A recent survey conducted by the online therapy company Talkspace found that, as of Inauguration Day, over 60 percent of respondents reported feeling some degree of post-election stress. In a 2016 Gallup poll, only 32 percent of Americans said they trusted conventional media “to report the news fully, accurately and fairly,” an eight percent drop from 2015 and the lowest level ever polled by Gallup. To cope with growing discontent, many Americans are turning away from their usual news outlets or their increasingly political Facebook newsfeeds in search of distractions. However, the thirst for distraction is not uncommon in American history, and escapism has become a staple during rough economic and political times.
Defined by the Merriam-Webster as “habitual diversion of the mind to purely imaginative activity or entertainment as an escape from reality or routine,” escapism may seem like a purely psychological issue, but there are very real economic ramifications when companies capitalize on this desperation by filling the demand for a break from reality.
During the Great Depression, Americans flocked to movie theaters. For 27 cents a ticket, about 4 USD in contemporary terms, people could escape the harsh reality of an economic depression for a stretch of time. Films like Dumbo, Fantasia and Arabian Nights, which were released during World War II, transported moviegoers into magical, exotic lands. The 1973-75 economic recession, which also marked the end of the Watergate scandal, the United States’ defeat in the Vietnam War, and two near assassinations of President Gerald Ford, shows a similar trend. In that time frame, directors like George Lucas and Steven Spielberg started releasing fantasy movies like Star Wars, Close Encounters of the Third Kind, The Exorcist and Jaws, all of which were among the top 10 highest grossing movies of the 1970s. Escapist cinema is key during economic and political hard times, as it is one of the easiest and most direct ways to find relief from the real world.
The Walt Disney Company, arguably the biggest player in escapist entertainment, had record breaking inflation-adjusted domestic gross ticket sales of over $2.93 billion in 2016, thanks to popular films like Captain America: Civil War, Finding Dory and Zootopia. From early November to late April, Disney’s stock increased over 26 percent. 21st Century Fox, another box office competitor, saw its stock rise by 37 percent from early September to late March. Even Netflix, which is not a direct competitor but another key player in escapist cinema, saw its stock increase by over 38 percent since the election, compared to a nine percent increase in the S&P 500 Index over the same period. Moreover, half of the top 10 highest grossing movies in 2016 were comic book adaptations, and all of the top 10 movies had a high degree of fantasy, meaning moviegoers actively seek fictional entertainment, and companies provide it.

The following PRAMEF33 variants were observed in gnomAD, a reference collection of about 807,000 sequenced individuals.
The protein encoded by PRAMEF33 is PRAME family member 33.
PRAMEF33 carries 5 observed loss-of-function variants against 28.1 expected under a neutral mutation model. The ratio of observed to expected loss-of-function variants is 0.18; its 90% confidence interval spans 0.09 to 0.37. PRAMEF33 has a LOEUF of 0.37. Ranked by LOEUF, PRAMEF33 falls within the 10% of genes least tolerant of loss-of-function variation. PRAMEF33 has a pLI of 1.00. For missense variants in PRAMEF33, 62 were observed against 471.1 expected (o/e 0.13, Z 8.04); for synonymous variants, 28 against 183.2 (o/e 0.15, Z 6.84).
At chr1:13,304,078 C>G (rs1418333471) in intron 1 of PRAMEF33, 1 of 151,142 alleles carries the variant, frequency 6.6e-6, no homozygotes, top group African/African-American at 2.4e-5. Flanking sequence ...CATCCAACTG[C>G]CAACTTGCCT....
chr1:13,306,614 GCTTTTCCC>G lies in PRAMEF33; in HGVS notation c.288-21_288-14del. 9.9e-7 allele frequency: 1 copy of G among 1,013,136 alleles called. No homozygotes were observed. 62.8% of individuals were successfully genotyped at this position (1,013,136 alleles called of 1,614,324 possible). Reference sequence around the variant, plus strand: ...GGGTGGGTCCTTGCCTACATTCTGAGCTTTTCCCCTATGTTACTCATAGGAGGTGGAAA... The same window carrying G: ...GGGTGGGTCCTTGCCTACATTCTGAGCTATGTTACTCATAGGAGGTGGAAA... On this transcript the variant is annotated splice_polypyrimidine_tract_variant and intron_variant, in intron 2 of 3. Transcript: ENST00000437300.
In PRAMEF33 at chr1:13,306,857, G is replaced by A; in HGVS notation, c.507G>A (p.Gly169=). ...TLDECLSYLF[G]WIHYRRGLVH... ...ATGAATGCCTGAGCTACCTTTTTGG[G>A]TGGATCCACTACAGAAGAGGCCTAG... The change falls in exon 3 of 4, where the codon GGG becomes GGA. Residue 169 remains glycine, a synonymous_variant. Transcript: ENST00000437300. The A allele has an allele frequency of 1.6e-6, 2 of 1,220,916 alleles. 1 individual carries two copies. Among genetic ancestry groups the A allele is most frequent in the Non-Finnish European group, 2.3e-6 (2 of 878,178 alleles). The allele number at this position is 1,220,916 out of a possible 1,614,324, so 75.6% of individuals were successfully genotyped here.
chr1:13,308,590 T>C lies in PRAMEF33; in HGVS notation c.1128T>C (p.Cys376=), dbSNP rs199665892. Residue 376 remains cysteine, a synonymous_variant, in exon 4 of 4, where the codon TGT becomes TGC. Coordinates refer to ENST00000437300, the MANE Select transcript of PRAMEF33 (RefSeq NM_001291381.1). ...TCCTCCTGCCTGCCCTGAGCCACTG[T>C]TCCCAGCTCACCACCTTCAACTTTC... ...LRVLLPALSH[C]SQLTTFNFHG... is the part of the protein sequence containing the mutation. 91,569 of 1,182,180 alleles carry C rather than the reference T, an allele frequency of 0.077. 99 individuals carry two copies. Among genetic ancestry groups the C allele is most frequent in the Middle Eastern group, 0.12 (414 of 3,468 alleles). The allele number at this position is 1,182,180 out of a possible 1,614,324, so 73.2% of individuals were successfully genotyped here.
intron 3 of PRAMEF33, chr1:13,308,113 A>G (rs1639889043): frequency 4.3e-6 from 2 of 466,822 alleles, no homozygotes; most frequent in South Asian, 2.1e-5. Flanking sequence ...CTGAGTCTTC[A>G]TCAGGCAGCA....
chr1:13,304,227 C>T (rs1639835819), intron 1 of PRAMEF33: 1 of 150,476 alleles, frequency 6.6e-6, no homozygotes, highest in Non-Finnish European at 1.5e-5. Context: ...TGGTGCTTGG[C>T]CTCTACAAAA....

The demand for escapist fiction extends over many markets, including the literature market. Orbit Books, a fantasy and science-fiction imprint, doubled its annual output last year. With the buzz of a likely science-fiction “golden age,” several other publishing companies launched their own science-fiction imprints. Is there a better way to hide from current unrest than to immerse oneself in a completely different universe? Along with science-fiction, the young adult (YA) genre – fiction published for readers in their teens – plays a key role in literature escapism. Seventy percent of YA novels are not purchased by teenagers, but rather by adults for their own reading enjoyment. YA literature provides not only a means of escapism, but also instant gratification and a sense of nostalgia.
Similarly, adult coloring books bring back nostalgia and reminiscence of childhood for the adult “readers.” In 2015, 12 million coloring books were sold in the United States, a huge increase from the one million sold in 2014. Millennials are 29 percent more likely to purchase an adult coloring book than all other buyers. Since coloring has the potential to reduce anxiety and increase mindfulness, it makes sense that the newfound popularity of coloring books would be directly related to the escalating need for escapism.
The rise of virtual reality (VR) and augmented reality (AR), evidenced by the boom of Pokémon GO, represents a new mode of escapist entertainment. Launched in July 2016 and known as the first use of AR to go “viral,” Pokémon GO has been downloaded globally by over 650 million people. By navigating around their physical surroundings, players are introduced to a parallel world on their phone screens, where a vast array of creatures and Pokémon supplies await discovery. The increase in popularity of AR and VR will be paved with exploitation by marketers, as already seen through the sponsorship deal between Pokémon GO and McDonald’s to entice players into the restaurant chain. Global revenue for the AR and VR markets are projected to reach almost $14 billion in 2017 and $143 billion by 2020. Clearly, this emerging market has the potential not only to provide a new means for escapism, but also to reap massive profits for those companies that utilize AR and VR.
From playing video games to trying new restaurants to visiting amusement parks, escapism is a natural way to de-stress when reality becomes overwhelming. Companies that already provide escapist entertainment are reaping the rewards of widespread unease, and if the U.S. political environment remains volatile, expect new entrants and innovations to satisfy a growing demand for escapism.